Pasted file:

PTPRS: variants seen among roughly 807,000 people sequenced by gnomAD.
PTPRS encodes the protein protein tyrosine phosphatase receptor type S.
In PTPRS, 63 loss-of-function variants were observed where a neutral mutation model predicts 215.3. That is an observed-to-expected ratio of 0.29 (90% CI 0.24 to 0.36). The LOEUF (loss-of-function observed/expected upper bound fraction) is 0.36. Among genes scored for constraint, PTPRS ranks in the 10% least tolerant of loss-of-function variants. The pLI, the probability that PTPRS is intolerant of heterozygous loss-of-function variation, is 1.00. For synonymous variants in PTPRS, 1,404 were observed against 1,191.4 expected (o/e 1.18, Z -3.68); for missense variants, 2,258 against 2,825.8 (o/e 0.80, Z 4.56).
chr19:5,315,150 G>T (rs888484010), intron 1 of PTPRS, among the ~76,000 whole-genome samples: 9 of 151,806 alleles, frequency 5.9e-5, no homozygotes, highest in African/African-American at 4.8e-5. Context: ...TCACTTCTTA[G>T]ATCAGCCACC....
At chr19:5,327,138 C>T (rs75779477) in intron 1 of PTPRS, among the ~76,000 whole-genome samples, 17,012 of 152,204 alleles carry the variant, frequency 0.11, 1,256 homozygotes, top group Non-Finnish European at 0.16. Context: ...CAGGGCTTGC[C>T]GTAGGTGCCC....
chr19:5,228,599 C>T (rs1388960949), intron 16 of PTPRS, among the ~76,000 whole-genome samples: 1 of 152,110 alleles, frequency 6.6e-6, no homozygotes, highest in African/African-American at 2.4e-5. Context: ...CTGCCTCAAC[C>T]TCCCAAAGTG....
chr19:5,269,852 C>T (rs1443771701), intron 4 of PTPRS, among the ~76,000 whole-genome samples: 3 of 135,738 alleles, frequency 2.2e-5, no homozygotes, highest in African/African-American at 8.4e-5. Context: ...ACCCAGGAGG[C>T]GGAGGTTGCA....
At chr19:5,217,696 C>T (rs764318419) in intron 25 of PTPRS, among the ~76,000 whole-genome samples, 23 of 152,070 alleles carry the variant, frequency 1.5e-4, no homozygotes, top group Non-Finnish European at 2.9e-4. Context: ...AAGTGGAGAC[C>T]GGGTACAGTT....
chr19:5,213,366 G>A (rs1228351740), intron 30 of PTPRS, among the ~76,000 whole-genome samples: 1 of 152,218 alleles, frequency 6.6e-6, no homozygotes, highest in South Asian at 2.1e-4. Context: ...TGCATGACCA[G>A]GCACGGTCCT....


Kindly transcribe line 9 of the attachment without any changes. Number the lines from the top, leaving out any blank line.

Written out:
chr19:5,213,366 G>A (rs1228351740), intron 30 of PTPRS, among the ~76,000 whole-genome samples: 1 of 152,218 alleles, frequency 6.6e-6, no homozygotes, highest in South Asian at 2.1e-4. Context: ...TGCATGACCA[G>A]GCACGGTCCT....